100%

Scanned image of the page. Keyboard directions: use + to zoom in, - to zoom out, arrow keys to pan inside the viewer.

Page Options

Download this Issue

Share

Something wrong?

Something wrong with this page? Report problem.

Rights / Permissions

This collection, digitized in collaboration with the Michigan Daily and the Board for Student Publications, contains materials that are protected by copyright law. Access to these materials is provided for non-profit educational and research purposes. If you use an item from this collection, it is your responsibility to consider the work's copyright status and obtain any required permission.

April 30, 2001 - Image 12

Resource type:
Text
Publication:
Michigan Daily Summer Weekly, 2001-04-30

Disclaimer: Computer generated plain text may have errors. Read more about this.

12 - The Michigan Daily - Monday, April 30, 2001
House' of m:th: Grisham strikes back with new sty

By Ryan Blay
Daily Arts Writer
As I was reading John Grisham's
latest novel, "A Painted House," a
friend of mine asked me what the
book was about.
I had just started it, so I vaguely
told him it was
;.:t about a young
boy growing up
A Painted on a southern
House farm during the
John Grisham 1950s.
Grade: A- My friend then
Doubleday Books asked the obvi-
A' ous question:
"Does the boy
grow up to be a
lawyer fighting
against an evil
corporation?"
Thankfully, the answer is "no."
Narrator Luke Chandler spins the
story much like Huckleberry Finn.
The seven-year-old lives on his fami-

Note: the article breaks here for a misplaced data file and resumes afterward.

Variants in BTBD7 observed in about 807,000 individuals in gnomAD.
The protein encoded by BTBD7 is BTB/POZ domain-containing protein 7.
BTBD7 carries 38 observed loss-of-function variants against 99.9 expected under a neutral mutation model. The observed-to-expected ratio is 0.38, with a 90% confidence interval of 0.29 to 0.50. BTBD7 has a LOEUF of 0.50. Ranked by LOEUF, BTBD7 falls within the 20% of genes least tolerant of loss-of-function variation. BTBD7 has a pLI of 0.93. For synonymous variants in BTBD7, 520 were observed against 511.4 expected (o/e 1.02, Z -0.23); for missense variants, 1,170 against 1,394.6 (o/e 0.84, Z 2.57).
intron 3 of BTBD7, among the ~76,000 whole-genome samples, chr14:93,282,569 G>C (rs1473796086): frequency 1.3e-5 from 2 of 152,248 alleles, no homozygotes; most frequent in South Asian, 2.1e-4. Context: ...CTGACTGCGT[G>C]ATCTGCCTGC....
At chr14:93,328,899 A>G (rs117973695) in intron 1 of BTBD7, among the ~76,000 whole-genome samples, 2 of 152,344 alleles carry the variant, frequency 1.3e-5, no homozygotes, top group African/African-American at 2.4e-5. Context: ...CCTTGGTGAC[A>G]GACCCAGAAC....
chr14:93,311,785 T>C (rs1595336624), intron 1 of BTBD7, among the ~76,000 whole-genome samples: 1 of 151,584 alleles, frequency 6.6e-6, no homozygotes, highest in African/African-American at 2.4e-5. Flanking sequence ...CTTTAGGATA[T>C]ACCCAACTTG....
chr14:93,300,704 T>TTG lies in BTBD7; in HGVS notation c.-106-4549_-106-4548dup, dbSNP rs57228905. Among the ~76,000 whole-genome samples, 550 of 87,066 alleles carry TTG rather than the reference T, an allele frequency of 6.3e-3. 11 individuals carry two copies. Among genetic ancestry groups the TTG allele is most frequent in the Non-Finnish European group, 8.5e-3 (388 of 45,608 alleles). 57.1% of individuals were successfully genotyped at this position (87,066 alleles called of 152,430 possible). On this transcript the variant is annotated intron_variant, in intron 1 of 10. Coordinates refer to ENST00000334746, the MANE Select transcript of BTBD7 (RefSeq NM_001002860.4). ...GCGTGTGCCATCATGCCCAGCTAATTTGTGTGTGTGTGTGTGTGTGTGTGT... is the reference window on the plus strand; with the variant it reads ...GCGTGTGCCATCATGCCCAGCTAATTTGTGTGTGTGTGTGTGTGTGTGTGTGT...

ly's cotton farm in Arkansas during
an eventful 1952.
Caughtfbetween childish inno-
cence and the troubles of adoles-
cence, Luke must pick his share of
cotton to maintain the struggling
farm, keep some very high-stakes
secrets and practice catching fly balls
so he can eventually become a St.
Louis Cardinal.
September means picking season,
and the Chandlers - Luke, his par-
ents and his grandparents - recruit

Mexican laborers and "hill people"
from the Ozarks to assist in the pick-
ing.
A bad crop could ruin the
Chandlers, but a good crop could
provide them with enough money to
pay outstanding loans on the farm.
Grisham's best trick may be in the
way he addresses racial and class ten-
sions during that period of time. For
example, Luke's grandmother is one
rare individual who actually treats
the Mexican farmhands with respect.
The sharecropping hill people, the
Spruills, are poorer than most of the
land renters, but even they still have
prejudices against the Chandlers.
"Why don't you sodbusters paint
your houses?" big Hank asks Luke.
Paint isn't the only status symbol
in the book.
Television, telephones and cars
also serve as reminders that the '50s
are ushering in a new era for
America, even in the most rural por-
tions of the South.
Hank's mother wants to move
north and ensure Luke'saescape from
the frustrating life of a farmer. As
long as Luke gets to join Stan Musial
and his Cardinals, he'll be content.
But concerns of all sorts pose a
threat to Luke's happy dreams. Hank
Spruill has the unfortunate habit of
killing people. If arrested, all of the
Spruills would leave and the cotton
can't be picked.
The Chandlers' neighbors also
have issues. Among the worst of

them, Luke's best friend and 19-year-
old uncle Ricky is fighting in Korea,
with letters few and far between.
This isn't to say Luke has it all
bad. He still gets to go to the movies
every weekend.
And Hank's sister 17-year-old
Tally, takes a shine to him and lets
him watch her bathe. But with the
Cardinals falling behind in the
National League pennant chase,
hushed whispers of money troubles,
and secrets swirling, Hank's life is
turbulent.
It's hard not to love a boy who
makes remarks such as "He [Pappy,
Hank's grandfather] didn't like the
Jordans because they were
Methodists - and Cubs fans."
Another gem: "... Satan was wait-
ing with the likes of Hitler and Judas

Iscariot and General Grant," reminds
this Yankee reader where and when